What does it mean to be a dual citizen?

After Malmö mayor Ilmar Reepalu ruffled feathers last week by suggesting ‘temporary’ citizenship as a way to combat crime, contributor Ruben Brunsveld reflects on the meaning of passports and citizenship.

What does it mean to be a dual citizen?

Recently, I met up with a good friend of mine whom we shall call John.

John lives in Stockholm, has a Swedish girlfriend and works for a Swedish employer. But when you meet him he’s definitely American.

As usual, John was in a hurry when we met. So we decided to meet up for lunch at O’Reillys at T-Centralen in between his train from the south and the red line going north.

As we attacked our hamburgers and fries, we discussed topics often discussed in Sweden in the autumn: the holidays, getting back to work, and the kids’ heading back to school.

But somewhere in this seemingly innocent conversation John dropped a line that kept me pondering all week.

He told me about his troubles with the Swedish Migration Board (Migrationsverket), which wanted to keep his US passport for three months after he applied for Swedish citizenship.

Since John is a big-time traveler this caused him some problems.

But the logistical issue was not why I kept thinking about this conversation. I could not help but wonder: what is the value of one’s passport?

Is it just a piece of paper, or do we need a historical and emotional connection to the country of which we are citizens?

Is it just a travel document or does it have a deeper meaning?

John’s main reason for applying for a Swedish passport is that he travels a lot within the EU and – being American – having a Swedish passport would make travelling much easier.

But can citizenship be boiled down to something so pragmatic, so mundane?

An important factor is that he does not need to give up his American citizenship in order to become Swedish.

I am sure that if that were the case, he would not do it.

Which raises the question: if the emotional connection with his American citizenship is so strong that he will not give it up, is it then fair to assume a second one just because it makes the waiting lines at customs shorter?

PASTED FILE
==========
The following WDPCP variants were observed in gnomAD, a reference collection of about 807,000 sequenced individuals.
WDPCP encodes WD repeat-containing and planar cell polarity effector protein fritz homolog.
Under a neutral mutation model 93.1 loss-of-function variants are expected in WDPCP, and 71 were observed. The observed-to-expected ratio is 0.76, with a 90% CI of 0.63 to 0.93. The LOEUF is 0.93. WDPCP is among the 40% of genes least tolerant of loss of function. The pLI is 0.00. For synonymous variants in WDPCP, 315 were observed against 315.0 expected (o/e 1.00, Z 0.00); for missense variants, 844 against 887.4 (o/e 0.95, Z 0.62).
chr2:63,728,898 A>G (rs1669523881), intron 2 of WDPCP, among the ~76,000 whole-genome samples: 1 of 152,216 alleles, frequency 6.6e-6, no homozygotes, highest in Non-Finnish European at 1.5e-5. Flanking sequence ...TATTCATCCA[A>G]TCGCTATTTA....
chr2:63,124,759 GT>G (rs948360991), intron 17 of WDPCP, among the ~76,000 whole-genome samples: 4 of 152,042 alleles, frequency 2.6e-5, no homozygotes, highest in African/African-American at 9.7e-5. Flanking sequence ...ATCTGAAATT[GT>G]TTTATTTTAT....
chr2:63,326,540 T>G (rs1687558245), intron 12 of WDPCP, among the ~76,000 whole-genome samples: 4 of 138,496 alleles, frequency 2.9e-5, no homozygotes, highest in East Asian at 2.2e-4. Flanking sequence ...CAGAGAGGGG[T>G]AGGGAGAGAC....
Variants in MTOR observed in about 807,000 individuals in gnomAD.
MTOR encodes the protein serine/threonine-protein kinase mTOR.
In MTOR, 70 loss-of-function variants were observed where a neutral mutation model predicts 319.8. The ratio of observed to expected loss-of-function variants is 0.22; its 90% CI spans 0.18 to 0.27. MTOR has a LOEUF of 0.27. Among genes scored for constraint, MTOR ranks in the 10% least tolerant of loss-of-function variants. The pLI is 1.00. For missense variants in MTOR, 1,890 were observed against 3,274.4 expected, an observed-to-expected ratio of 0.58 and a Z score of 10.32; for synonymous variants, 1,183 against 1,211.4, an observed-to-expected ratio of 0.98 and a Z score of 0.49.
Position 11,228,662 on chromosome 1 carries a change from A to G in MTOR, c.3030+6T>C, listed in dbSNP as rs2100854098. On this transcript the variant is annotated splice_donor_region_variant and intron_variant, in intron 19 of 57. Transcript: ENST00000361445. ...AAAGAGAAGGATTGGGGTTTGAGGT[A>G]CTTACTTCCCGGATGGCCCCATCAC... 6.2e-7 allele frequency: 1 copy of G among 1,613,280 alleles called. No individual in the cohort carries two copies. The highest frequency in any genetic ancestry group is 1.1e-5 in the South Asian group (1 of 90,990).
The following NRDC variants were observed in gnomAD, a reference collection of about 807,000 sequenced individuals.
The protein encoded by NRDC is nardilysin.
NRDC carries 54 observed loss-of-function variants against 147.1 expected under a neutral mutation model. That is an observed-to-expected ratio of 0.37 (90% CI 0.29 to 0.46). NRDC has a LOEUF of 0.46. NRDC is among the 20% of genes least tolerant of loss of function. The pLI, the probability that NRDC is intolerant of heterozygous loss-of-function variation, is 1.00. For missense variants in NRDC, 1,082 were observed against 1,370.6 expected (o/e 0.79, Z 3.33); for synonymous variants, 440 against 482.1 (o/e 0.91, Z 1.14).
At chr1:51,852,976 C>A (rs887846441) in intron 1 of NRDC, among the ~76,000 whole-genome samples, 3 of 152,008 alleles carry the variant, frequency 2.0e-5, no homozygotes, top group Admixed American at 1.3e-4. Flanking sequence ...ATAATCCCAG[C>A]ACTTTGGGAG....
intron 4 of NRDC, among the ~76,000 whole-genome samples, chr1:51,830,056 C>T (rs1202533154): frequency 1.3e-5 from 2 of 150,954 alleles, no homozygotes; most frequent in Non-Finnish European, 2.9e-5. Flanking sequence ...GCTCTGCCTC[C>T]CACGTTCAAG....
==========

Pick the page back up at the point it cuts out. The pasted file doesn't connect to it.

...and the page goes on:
Shouldn’t one’s passport be about even more than a feeling?

Another issue is that we tend to equate citizenship with nationality and subsequently with loyalty.

In recent years in the Netherlands two state secretaries have come under fire for having double citizenship.

The right-wing PVV argued that a member of cabinet with two passports ‘therefore’ had two potentially conflicting loyalties.

In their view, this was not reconcilable with the exclusive loyalty a cabinet member should have towards his or her own government.

The first state secretary had Dutch and Turkish citizenship and the second one was Dutch-Swedish. Some people argued there was a difference between those two cases since Sweden is a member of the EU and Turkey isn’t.

In the end, neither case was perceived as a large enough problem to warrant more than a short-lived news item, and both state secretaries were allowed to remain in office.

But wait! Hold your horses!

According to the Lisbon Treaty I am a ‘citizen of the Union’.

Article 20 states that every person holding the nationality of an EU Member State shall be a citizen of the Union.

This ‘Union citizenship’ shall be additional to and not replace national citizenship.

Oh wow! So I do have dual citizenship!

But do I feel it as well? As a long time fan of European integration and former employee in the Brussels bubble I know what the EU is all about.

I even feel some kind of allegiance to this project called Europe. But it is a project, not a country.

So would I give up my Dutch passport for a European one? How European am I really?

Rationally I am convinced that citizenship does not equal loyalty.

We can be ‘citizens’ from different nations at different levels at the same time.